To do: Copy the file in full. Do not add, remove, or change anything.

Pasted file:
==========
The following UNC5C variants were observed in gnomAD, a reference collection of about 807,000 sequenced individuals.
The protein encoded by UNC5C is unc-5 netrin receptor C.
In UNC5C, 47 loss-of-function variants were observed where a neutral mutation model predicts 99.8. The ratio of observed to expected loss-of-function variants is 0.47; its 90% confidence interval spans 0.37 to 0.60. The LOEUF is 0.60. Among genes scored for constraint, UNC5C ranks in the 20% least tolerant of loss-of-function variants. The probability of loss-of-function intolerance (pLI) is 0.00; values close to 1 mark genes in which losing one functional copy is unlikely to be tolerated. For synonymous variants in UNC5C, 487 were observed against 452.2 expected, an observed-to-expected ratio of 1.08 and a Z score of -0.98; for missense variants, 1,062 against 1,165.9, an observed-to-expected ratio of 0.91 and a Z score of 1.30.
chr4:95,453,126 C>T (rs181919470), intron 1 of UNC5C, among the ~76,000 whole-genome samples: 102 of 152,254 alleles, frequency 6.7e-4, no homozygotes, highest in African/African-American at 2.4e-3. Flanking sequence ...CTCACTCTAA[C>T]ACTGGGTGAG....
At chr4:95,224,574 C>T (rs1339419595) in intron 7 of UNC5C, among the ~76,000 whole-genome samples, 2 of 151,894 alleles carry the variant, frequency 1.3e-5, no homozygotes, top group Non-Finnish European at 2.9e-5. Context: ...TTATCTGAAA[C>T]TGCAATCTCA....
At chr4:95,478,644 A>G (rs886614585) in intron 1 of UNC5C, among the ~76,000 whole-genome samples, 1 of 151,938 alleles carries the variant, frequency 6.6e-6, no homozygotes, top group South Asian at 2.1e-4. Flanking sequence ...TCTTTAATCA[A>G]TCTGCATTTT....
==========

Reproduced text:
The following UNC5C variants were observed in gnomAD, a reference collection of about 807,000 sequenced individuals.
The protein encoded by UNC5C is unc-5 netrin receptor C.
In UNC5C, 47 loss-of-function variants were observed where a neutral mutation model predicts 99.8. The ratio of observed to expected loss-of-function variants is 0.47; its 90% confidence interval spans 0.37 to 0.60. The LOEUF is 0.60. Among genes scored for constraint, UNC5C ranks in the 20% least tolerant of loss-of-function variants. The probability of loss-of-function intolerance (pLI) is 0.00; values close to 1 mark genes in which losing one functional copy is unlikely to be tolerated. For synonymous variants in UNC5C, 487 were observed against 452.2 expected, an observed-to-expected ratio of 1.08 and a Z score of -0.98; for missense variants, 1,062 against 1,165.9, an observed-to-expected ratio of 0.91 and a Z score of 1.30.
chr4:95,453,126 C>T (rs181919470), intron 1 of UNC5C, among the ~76,000 whole-genome samples: 102 of 152,254 alleles, frequency 6.7e-4, no homozygotes, highest in African/African-American at 2.4e-3. Flanking sequence ...CTCACTCTAA[C>T]ACTGGGTGAG....
At chr4:95,224,574 C>T (rs1339419595) in intron 7 of UNC5C, among the ~76,000 whole-genome samples, 2 of 151,894 alleles carry the variant, frequency 1.3e-5, no homozygotes, top group Non-Finnish European at 2.9e-5. Context: ...TTATCTGAAA[C>T]TGCAATCTCA....
At chr4:95,478,644 A>G (rs886614585) in intron 1 of UNC5C, among the ~76,000 whole-genome samples, 1 of 151,938 alleles carries the variant, frequency 6.6e-6, no homozygotes, top group South Asian at 2.1e-4. Flanking sequence ...TCTTTAATCA[A>G]TCTGCATTTT....